Will LinkedIn make a move into the enterprise?


News surfaced this week that Facebook was considering a move into the enterprise sector with the imaginatively titled 'Facebook at Work'. Not a great deal is known about the service yet, but pretty much everyone is in agreement that it could provide interesting competition to incumbents like Microsoft and even the likes of LinkedIn.

It has long struck me as surprising that LinkedIn hasn’t made a similar move. Back in 2011 Jeff Weiner, CEO of the company, suggested that enterprise social tools was "an area where we want to add value". Yet so far we’ve seen nothing particularly interesting.

If the company was to launch some kind of offering for the workplace, it would likely mirror what Facebook is rumored to be doing and launch its own dedicated network. Yet it strikes me there is a better approach. Google, Facebook and LinkedIn have all tried to become de facto 'identify providers' on the web -- meaning users can login to other sites with existing credentials and pre-populate profile information. So why not apply the same approach to the enterprise?

Let’s consider a typical SharePoint or Office 365 company Intranet. A company board have listened to Microsoft’s sale pitch, and do indeed want a social collaborative environment to engage employees. Who wouldn’t? So they purchase the relevant licenses, and get Office 365 plumbed into their current Active Directory setup. Users arrive for a fresh day at work and can instantly login to a brand new Intranet, with all kinds of whizz bang tools. They can create Office docs online, update their status from their phone, and find colleagues working on similar projects to them.

But before any of this stuff works, or works effectively, they need to flesh out a profile. They also need to add some skills, and past projects they have worked on. Depending on the exact nature of the tool they might also need to find some groups and follow some people.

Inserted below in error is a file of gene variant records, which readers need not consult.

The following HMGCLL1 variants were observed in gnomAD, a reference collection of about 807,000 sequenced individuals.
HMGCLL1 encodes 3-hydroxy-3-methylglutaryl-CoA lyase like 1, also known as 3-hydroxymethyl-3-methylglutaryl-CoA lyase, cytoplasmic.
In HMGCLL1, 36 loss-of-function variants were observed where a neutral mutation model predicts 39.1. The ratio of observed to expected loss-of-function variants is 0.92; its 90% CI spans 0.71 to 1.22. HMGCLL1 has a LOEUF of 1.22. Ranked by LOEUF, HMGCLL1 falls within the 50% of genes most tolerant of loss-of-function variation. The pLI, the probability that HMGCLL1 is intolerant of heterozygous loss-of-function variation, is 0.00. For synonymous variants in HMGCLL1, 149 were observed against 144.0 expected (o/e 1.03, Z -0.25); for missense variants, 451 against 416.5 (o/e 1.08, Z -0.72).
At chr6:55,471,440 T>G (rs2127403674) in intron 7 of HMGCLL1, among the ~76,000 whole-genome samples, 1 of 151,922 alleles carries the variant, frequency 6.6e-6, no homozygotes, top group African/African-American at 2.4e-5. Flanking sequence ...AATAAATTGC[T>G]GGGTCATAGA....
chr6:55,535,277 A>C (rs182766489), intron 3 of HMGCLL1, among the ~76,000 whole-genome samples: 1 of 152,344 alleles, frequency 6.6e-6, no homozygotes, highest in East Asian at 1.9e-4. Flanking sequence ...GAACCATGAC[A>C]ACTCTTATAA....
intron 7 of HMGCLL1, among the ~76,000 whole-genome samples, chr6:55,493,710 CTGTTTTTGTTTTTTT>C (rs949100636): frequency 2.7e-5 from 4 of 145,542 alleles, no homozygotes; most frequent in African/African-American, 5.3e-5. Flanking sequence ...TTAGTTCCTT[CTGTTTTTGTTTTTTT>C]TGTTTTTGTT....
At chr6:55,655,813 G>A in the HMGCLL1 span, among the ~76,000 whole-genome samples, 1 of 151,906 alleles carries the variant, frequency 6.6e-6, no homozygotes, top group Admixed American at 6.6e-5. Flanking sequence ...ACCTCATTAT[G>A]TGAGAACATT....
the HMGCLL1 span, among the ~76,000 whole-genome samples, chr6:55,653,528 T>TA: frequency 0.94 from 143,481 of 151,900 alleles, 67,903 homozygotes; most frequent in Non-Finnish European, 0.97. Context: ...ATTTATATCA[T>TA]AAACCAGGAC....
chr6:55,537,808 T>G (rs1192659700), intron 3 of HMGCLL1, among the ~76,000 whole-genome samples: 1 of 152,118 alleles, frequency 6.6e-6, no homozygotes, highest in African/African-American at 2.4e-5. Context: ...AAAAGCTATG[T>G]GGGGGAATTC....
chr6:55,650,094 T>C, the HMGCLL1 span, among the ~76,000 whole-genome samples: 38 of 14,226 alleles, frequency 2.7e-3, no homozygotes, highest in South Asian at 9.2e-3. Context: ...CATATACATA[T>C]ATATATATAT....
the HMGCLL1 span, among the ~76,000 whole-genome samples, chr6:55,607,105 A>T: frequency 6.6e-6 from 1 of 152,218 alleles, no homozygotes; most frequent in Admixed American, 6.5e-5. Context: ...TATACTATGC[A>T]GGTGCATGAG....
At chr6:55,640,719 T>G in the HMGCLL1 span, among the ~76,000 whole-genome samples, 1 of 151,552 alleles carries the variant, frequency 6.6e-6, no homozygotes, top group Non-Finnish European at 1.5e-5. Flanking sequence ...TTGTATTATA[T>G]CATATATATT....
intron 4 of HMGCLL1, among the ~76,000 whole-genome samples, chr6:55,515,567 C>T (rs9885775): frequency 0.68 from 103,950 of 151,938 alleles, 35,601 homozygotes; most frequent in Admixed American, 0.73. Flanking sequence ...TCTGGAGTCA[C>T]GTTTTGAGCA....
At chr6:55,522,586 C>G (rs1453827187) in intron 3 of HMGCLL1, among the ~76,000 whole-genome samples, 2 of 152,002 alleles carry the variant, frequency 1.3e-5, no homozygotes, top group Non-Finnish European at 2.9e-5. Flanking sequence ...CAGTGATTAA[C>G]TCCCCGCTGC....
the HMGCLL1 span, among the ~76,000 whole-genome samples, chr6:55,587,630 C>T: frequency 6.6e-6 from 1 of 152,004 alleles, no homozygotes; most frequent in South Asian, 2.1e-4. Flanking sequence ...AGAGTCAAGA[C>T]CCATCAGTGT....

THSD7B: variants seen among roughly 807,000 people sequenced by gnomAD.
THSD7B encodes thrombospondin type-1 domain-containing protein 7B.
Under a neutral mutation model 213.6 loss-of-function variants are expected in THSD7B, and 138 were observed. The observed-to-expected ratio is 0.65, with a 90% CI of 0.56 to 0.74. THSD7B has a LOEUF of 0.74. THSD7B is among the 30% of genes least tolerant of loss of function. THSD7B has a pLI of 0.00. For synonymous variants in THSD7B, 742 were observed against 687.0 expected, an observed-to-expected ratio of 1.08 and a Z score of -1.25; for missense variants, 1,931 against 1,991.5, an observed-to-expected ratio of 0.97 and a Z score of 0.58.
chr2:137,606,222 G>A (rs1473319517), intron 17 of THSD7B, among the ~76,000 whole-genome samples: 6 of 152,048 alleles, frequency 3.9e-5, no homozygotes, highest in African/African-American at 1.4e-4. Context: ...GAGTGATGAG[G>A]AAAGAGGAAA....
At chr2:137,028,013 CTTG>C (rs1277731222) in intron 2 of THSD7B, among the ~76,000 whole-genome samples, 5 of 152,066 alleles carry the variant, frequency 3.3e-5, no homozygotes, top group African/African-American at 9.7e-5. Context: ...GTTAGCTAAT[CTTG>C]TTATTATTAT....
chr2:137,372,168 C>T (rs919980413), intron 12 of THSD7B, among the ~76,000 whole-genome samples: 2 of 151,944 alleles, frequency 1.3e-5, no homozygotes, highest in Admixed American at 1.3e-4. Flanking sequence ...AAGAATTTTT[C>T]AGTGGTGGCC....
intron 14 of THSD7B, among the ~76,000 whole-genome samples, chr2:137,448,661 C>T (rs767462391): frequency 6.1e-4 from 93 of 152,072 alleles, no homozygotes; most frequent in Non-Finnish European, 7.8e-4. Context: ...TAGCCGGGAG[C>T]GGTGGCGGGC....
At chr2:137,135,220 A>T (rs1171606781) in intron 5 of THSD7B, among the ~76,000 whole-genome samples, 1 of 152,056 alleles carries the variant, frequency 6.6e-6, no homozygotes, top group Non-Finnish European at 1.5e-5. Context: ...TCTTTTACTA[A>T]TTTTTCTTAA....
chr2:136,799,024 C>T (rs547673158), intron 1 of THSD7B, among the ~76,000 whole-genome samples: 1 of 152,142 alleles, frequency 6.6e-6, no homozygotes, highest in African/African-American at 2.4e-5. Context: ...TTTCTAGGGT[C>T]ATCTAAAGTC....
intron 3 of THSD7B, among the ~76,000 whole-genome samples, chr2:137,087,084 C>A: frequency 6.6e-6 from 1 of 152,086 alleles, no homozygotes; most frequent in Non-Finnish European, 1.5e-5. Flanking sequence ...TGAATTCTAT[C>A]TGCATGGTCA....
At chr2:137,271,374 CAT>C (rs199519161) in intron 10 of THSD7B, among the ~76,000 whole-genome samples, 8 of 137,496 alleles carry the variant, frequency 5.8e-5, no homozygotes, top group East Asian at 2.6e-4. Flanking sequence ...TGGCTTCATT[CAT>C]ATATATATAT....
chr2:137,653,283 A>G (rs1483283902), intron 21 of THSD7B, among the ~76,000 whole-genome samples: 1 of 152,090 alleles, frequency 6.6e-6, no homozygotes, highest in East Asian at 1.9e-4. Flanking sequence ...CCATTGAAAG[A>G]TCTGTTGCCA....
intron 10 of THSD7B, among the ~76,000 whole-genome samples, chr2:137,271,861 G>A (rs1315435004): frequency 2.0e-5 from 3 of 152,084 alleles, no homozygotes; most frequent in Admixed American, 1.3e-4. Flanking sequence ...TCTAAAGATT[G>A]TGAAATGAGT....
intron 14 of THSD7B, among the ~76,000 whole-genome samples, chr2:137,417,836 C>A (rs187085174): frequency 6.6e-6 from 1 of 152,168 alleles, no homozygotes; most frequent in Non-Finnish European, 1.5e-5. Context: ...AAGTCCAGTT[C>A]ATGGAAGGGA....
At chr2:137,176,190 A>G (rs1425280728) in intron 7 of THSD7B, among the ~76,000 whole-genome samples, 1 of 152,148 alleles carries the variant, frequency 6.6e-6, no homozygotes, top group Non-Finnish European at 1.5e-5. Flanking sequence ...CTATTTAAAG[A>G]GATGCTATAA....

If our fictitious company is like any other then Active Directory data will consists of a username, email address and little else. Previous Intranet projects might mean there is a bit of biography info hanging around, but there will almost certainly be no nice profile photo. Any connections to relevant or interesting colleagues will need to be made from scratch, which is in itself difficult because everyone's data is so poor.

In short users have to spend time creating a brand new profile at work. Companies will often put in place initiatives to encourage adoption of enterprise systems. They might employ 'floor walkers' to help people to add photos, or hold training sessions to show people how to find co-workers. But haven't people already done this stuff a million times online? Why get them, often at additional expense, to do it all over again?

Facebook thinks it can solve this problem by presumably reusing a lot of its user data in a new dedicated tool. But what if LinkedIn approached things in a slightly different way? What if it offered its data, in a secure and workplace place appropriate format, and integrated with existing tools?

In essence LinkedIn could become the 'sign in' option on the company Intranet, or at least a some sort of background sync. When users arrive and login to the system for the first time they would see up to date profile, current biographies, and ready made connections to relevant colleagues.

Of course not everything on a LinkedIn profile is suitable for a work profile -- "I am currently seeking new opportunities" doesn’t always play so well with the boss. But this is a relatively simple job of refining the data and sync process, and trusting the provider.

Just think of the possibilities. Users login to the enterprise social network and find a whole host of useful work related connections that they themselves have already spent time refining. The employee directory is finally, and permanently, up to date. No longer do staff do a search on LinkedIn to find out about that day's new starters, they already have that data internally.

LinkedIn is just one example. There is a ton of data out on the web that could have a really useful impact in the enterprise -- YouTube, StackOverflow, Quora to name but a few. The "Consumerization of IT" has always been about enterprise services taking on the principles and properties of the consumer web. Why not expand the notion to include actual data as well?

Many companies will embrace 'Facebook at Work' when it arrives. But many many more would embrace up to date employee data, or prebuilt social network or knowledge repositories, that leverage their existing systems and investment.

Photo Credit: Atelier_A/Shutterstock
chris-wrightChris Wright is the founder of Fifty Five and Five, a content marketing agency that helps technology and technical companies communicate better to their clients. He writes extensively about enterprise social networks, the future of the workplace, and Intranets. You can find his blog here.

Comments are closed.

© 1998-2020 BetaNews, Inc. All Rights Reserved. Privacy Policy - Cookie Policy.